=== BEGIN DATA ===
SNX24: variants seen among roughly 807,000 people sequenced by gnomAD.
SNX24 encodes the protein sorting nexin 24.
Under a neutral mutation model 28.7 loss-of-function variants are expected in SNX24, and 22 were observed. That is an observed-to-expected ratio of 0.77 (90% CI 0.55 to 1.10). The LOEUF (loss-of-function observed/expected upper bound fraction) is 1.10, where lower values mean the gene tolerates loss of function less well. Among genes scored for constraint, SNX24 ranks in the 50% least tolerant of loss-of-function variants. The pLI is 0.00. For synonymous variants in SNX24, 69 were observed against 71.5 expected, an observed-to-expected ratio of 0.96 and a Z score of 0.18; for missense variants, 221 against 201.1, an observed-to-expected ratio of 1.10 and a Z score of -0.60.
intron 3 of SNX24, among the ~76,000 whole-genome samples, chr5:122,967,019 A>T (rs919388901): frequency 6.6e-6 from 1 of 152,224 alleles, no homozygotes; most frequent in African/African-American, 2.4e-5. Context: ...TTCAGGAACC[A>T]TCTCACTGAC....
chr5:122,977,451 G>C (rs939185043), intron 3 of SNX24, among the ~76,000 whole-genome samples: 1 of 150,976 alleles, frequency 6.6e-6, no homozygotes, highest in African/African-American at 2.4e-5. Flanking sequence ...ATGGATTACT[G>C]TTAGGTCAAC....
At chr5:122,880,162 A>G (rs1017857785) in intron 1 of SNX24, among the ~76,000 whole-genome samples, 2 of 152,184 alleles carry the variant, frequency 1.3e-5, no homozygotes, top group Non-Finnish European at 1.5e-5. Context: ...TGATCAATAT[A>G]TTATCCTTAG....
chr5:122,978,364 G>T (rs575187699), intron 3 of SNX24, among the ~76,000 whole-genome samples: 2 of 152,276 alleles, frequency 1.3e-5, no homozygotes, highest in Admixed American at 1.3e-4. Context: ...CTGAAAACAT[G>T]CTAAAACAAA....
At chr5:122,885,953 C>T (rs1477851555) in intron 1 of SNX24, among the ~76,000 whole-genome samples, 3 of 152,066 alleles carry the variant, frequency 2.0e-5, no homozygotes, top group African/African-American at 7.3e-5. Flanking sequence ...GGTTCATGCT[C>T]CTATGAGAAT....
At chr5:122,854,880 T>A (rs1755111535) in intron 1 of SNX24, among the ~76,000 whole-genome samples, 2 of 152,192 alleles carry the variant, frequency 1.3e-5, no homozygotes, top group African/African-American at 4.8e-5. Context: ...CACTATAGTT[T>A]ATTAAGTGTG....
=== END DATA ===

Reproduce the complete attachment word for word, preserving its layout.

SNX24: variants seen among roughly 807,000 people sequenced by gnomAD.
SNX24 encodes the protein sorting nexin 24.
Under a neutral mutation model 28.7 loss-of-function variants are expected in SNX24, and 22 were observed. That is an observed-to-expected ratio of 0.77 (90% CI 0.55 to 1.10). The LOEUF (loss-of-function observed/expected upper bound fraction) is 1.10, where lower values mean the gene tolerates loss of function less well. Among genes scored for constraint, SNX24 ranks in the 50% least tolerant of loss-of-function variants. The pLI is 0.00. For synonymous variants in SNX24, 69 were observed against 71.5 expected, an observed-to-expected ratio of 0.96 and a Z score of 0.18; for missense variants, 221 against 201.1, an observed-to-expected ratio of 1.10 and a Z score of -0.60.
intron 3 of SNX24, among the ~76,000 whole-genome samples, chr5:122,967,019 A>T (rs919388901): frequency 6.6e-6 from 1 of 152,224 alleles, no homozygotes; most frequent in African/African-American, 2.4e-5. Context: ...TTCAGGAACC[A>T]TCTCACTGAC....
chr5:122,977,451 G>C (rs939185043), intron 3 of SNX24, among the ~76,000 whole-genome samples: 1 of 150,976 alleles, frequency 6.6e-6, no homozygotes, highest in African/African-American at 2.4e-5. Flanking sequence ...ATGGATTACT[G>C]TTAGGTCAAC....
At chr5:122,880,162 A>G (rs1017857785) in intron 1 of SNX24, among the ~76,000 whole-genome samples, 2 of 152,184 alleles carry the variant, frequency 1.3e-5, no homozygotes, top group Non-Finnish European at 1.5e-5. Context: ...TGATCAATAT[A>G]TTATCCTTAG....
chr5:122,978,364 G>T (rs575187699), intron 3 of SNX24, among the ~76,000 whole-genome samples: 2 of 152,276 alleles, frequency 1.3e-5, no homozygotes, highest in Admixed American at 1.3e-4. Context: ...CTGAAAACAT[G>T]CTAAAACAAA....
At chr5:122,885,953 C>T (rs1477851555) in intron 1 of SNX24, among the ~76,000 whole-genome samples, 3 of 152,066 alleles carry the variant, frequency 2.0e-5, no homozygotes, top group African/African-American at 7.3e-5. Flanking sequence ...GGTTCATGCT[C>T]CTATGAGAAT....
At chr5:122,854,880 T>A (rs1755111535) in intron 1 of SNX24, among the ~76,000 whole-genome samples, 2 of 152,192 alleles carry the variant, frequency 1.3e-5, no homozygotes, top group African/African-American at 4.8e-5. Context: ...CACTATAGTT[T>A]ATTAAGTGTG....